He is a man on a mission: “we need newsrooms that are eclectic and diverse, and of all social backgrounds, because then, when there’s a big story (such as Grenfell), you know that you’ve got someone who represents that community.” He fervently believes that more outreach is necessary. And he talks regularly with students from underperforming schools. Ashley also feels a lot more needs to be done so that local communities can become more engaged with the media. He is galvanised by the idea of working hard to “Create a new normal for foster children and for care leavers.” Could one imagine a better goal for government and society as a whole? Aiming to achieve this could be transformative. And we do this by attracting more people into fostering who want to create that new normal. People like Ashley’s foster carers who supported him and made it normal for him to imagine a future as a journalist in the media working to bring about change through empowering local communities.
Fostering does indeed change lives. Please support this year’s campaign ‘Foster Care Fortnight’ being run by the Fostering Network #changeafuture https://www.thefosteringnetwork.org.uk/fcf19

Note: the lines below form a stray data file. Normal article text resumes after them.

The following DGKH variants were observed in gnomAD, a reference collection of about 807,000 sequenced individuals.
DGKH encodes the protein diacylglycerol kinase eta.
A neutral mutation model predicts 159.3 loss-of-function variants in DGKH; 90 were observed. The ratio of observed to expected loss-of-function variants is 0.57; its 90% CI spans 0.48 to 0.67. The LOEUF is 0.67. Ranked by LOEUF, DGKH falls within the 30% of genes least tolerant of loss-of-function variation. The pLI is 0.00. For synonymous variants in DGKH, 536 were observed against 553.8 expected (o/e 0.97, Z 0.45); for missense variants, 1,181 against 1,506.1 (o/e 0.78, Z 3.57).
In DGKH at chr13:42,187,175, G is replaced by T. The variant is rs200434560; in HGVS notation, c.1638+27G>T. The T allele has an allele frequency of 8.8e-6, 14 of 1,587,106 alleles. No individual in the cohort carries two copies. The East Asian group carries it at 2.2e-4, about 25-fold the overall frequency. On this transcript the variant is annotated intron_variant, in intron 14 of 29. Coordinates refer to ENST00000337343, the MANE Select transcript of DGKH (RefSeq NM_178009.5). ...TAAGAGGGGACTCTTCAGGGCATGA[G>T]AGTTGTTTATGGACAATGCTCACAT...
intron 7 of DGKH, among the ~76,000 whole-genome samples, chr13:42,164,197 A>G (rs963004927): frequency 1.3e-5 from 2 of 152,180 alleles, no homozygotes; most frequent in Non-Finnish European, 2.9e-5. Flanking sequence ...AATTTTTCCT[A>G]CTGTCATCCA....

Rainbow want you to have a career in foster care.
It’s likely you’ll have been impressed by the achievements of Ashley John-Baptiste. As he acknowledges, this is down to the care and loving guidance of his foster carers. We need many more people to come into fostering to be the difference. It remains a depressing fact that half the people who grow up in care in the UK go on to have children who themselves are then taken into care. This self-perpetuating cycle has to be broken and can be if more foster children have a better start in life.
We are supporting the aims of Foster Care Fortnight – one of the main ones being to raise the profile of fostering. To also focus on the transformational power of foster care. Existing foster carers can often be the best advert for a career in fostering. This means that if you want to discover more about becoming a foster carer, we promise that along the way we will want you to meet some of our Rainbow carers. They will have many inspiring stories and a good few of them have been fostering with us for well over ten years – which tells its own story!